Now that I've been exploring the Sony PlayStation Portable library for the first time and have spent some quality time with a stack of fun games, I figured I'd share my thoughts on the matter with these quickie mini-reviews. Get comfy, because we're jumping right into the one game that had me pawing for a PSP for over a year now. READY?
Take everything great about the original Mega Man for the Nintendo Entertainment System, create all new levels based on the original stages, add two new Robot Masters to the original roster, and pack in tons of fan service to create the best Mega Man game in ages. Fantastic quality 2D gaming is becoming harder to find these days, but by sticking to the original Mega Man formula, Capcom has put together an attractive package for long-time fans of the character (such as myself). You could play through the game as just Mega Man, sure, but the best part of the game comes from playing as each of the eight Robot Masters. That's right; Cut Man, Guts Man, Elec Man, Ice Man, Fire Man, Bomb Man, Oil Man, and Time Man are all fully playable characters, each becoming the hero of their own adventure. Roll and Proto Man even put in playable appearances. Each level comes in Easy, Normal, and Hard difficulties, meaning that to fully complete the game one must play through each stage three times (once for each challenge level) for each of the eleven playable characters. Yes, I think there's replay value here (and that's without even mentioning the recreation of the original NES game, the hundred level challenge mode, and the construction mode where players can create their own levels and trade them online). I cannot recommend Mega Man: Powered Up enough. It's everything I hoped it would be and more.
I was rolled up into the Katamari Damacy craze late, as it wasn't until last year that I played the original game for the Sony PlayStation 2. I still have to get my hands on the PS2 sequel, but I have taken a roll through this PSP version. Everything I enjoyed from Damacy seems to be here: varied environments in which to roll up things (the premise this time involves collecting objects with which to build islands after the King Of All Cosmos floods the Earth while taking a swim in the ocean), quirky background music (much of it from Damacy, albeit remixed), and the frustrating control method that takes a while to learn. I expected the game to use the control nub, but instead it tries to emulate the PS2's dual control sticks in that the control pad and action buttons are used to roll the katamari. Once I realized I should just mash/lean on the buttons as if they were sticks, things became much more fun. Like Damacy, however, it's quite short. I rolled through the whole game in just a week, and while I'm encouraged by the King to play again and increase my scores, after rolling up entire mountains and jungles it's hard to go back to collecting coins and candies. Recommended, but expect the experience to go by quickly.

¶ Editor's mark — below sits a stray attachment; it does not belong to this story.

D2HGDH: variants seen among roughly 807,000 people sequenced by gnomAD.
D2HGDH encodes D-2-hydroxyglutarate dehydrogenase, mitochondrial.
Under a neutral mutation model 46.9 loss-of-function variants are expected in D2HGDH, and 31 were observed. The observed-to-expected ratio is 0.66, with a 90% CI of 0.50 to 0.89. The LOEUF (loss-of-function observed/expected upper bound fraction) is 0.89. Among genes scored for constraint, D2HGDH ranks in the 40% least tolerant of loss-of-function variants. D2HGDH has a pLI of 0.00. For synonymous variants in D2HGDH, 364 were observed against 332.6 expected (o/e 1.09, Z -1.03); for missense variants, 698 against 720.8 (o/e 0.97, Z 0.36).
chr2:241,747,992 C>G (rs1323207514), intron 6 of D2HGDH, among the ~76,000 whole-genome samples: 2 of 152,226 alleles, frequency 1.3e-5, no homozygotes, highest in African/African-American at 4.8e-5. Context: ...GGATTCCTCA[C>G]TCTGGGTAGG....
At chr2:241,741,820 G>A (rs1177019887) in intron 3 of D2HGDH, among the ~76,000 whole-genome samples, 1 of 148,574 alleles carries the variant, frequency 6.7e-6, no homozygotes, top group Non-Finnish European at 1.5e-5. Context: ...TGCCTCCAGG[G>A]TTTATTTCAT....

I took a run through Street Fighter Alpha 3 just last year as part of the Street Fighter Alpha Anthology for the PS2, so I felt I knew what to expect from this PSP version of the game. Imagine my surprise when I found that MAX offers so much more than the home version. Aside from the traditional Arcade mode there's the World Tour mode, an offering that sort of kind of brings the fun and frustration of leveling up a la RPGs to a fighting game. Armed with Ken as my fighter, I'm in the process of working my way through the mode, earning experience points after each fight and using them to increase Ken's stats and stamina. Then I can turn around and use my powered-up Ken in any of the other modes, meaning that with enough work I may finally be able to kick M. Bison's butt all the way back to Shadoloo without breaking a sweat. There's a bunch of other modes I haven't explored much yet, such as a one hundred level fight-after-fight challenge, dramatic battles, and other such things, but World Tour and Arcade are occupying my fighting time right now. Highly recommended for Street Fighter fans.
We end with the same franchise with which we began in this update of the original Mega Man X from the Super NES era. X has received a full 3D polygonal makeover just like his classic Powered Up cousin, but aside from new voice work and rearranged upgrade capsule locations, not much has changed. The Maverick levels are the same as previously seen, although the Sigma fortress stages are new. The biggest addition to the original game is the ability to play as the duplicitous Vile, he of the giant battle mech. His attacks and abilities differ greatly from X's skills and it takes a few upgrades before he's capable of dishing out the heavy damage. Playing as Vile requires one to rethink the best path through the game, as I found I had to change my familiar tactics in order to get anywhere with the renegade robot. The novelty wore off after I'd finished off the Mavericks, but it was fun while it lasted. Rounding out the package is an animated mini-movie that acts of somewhat of a prequel to the game in which Sigma betrays the Maverick Hunters and starts the long war. Recommended, but over all too quickly.
Up next in my UMD stack: Spider-Man 2, Daxter, Midnight Club 3: DUB Edition, and Ratchet and Clank: Size Matters.